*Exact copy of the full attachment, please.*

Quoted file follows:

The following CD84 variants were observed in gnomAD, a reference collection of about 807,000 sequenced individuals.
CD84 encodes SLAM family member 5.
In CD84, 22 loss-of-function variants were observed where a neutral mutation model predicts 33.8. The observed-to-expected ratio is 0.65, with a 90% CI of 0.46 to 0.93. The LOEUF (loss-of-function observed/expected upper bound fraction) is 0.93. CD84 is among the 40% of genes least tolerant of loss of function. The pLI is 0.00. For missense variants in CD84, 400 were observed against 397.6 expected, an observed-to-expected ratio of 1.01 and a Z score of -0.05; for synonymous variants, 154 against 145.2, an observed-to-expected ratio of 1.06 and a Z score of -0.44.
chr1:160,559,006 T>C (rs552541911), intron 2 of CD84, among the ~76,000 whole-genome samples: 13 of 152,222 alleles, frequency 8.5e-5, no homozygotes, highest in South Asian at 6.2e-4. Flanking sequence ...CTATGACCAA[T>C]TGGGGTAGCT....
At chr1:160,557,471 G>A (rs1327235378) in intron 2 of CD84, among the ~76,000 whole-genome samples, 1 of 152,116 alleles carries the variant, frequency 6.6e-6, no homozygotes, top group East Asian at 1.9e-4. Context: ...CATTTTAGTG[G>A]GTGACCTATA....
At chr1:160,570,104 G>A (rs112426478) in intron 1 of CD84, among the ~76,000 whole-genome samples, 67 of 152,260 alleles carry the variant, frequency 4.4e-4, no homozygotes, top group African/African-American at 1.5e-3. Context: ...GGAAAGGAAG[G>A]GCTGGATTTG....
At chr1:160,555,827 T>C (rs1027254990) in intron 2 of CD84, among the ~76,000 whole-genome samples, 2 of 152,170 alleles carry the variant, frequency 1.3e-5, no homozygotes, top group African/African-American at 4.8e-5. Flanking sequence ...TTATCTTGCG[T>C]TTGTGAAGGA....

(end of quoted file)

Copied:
The following CD84 variants were observed in gnomAD, a reference collection of about 807,000 sequenced individuals.
CD84 encodes SLAM family member 5.
In CD84, 22 loss-of-function variants were observed where a neutral mutation model predicts 33.8. The observed-to-expected ratio is 0.65, with a 90% CI of 0.46 to 0.93. The LOEUF (loss-of-function observed/expected upper bound fraction) is 0.93. CD84 is among the 40% of genes least tolerant of loss of function. The pLI is 0.00. For missense variants in CD84, 400 were observed against 397.6 expected, an observed-to-expected ratio of 1.01 and a Z score of -0.05; for synonymous variants, 154 against 145.2, an observed-to-expected ratio of 1.06 and a Z score of -0.44.
chr1:160,559,006 T>C (rs552541911), intron 2 of CD84, among the ~76,000 whole-genome samples: 13 of 152,222 alleles, frequency 8.5e-5, no homozygotes, highest in South Asian at 6.2e-4. Flanking sequence ...CTATGACCAA[T>C]TGGGGTAGCT....
At chr1:160,557,471 G>A (rs1327235378) in intron 2 of CD84, among the ~76,000 whole-genome samples, 1 of 152,116 alleles carries the variant, frequency 6.6e-6, no homozygotes, top group East Asian at 1.9e-4. Context: ...CATTTTAGTG[G>A]GTGACCTATA....
At chr1:160,570,104 G>A (rs112426478) in intron 1 of CD84, among the ~76,000 whole-genome samples, 67 of 152,260 alleles carry the variant, frequency 4.4e-4, no homozygotes, top group African/African-American at 1.5e-3. Context: ...GGAAAGGAAG[G>A]GCTGGATTTG....
At chr1:160,555,827 T>C (rs1027254990) in intron 2 of CD84, among the ~76,000 whole-genome samples, 2 of 152,170 alleles carry the variant, frequency 1.3e-5, no homozygotes, top group African/African-American at 4.8e-5. Flanking sequence ...TTATCTTGCG[T>C]TTGTGAAGGA....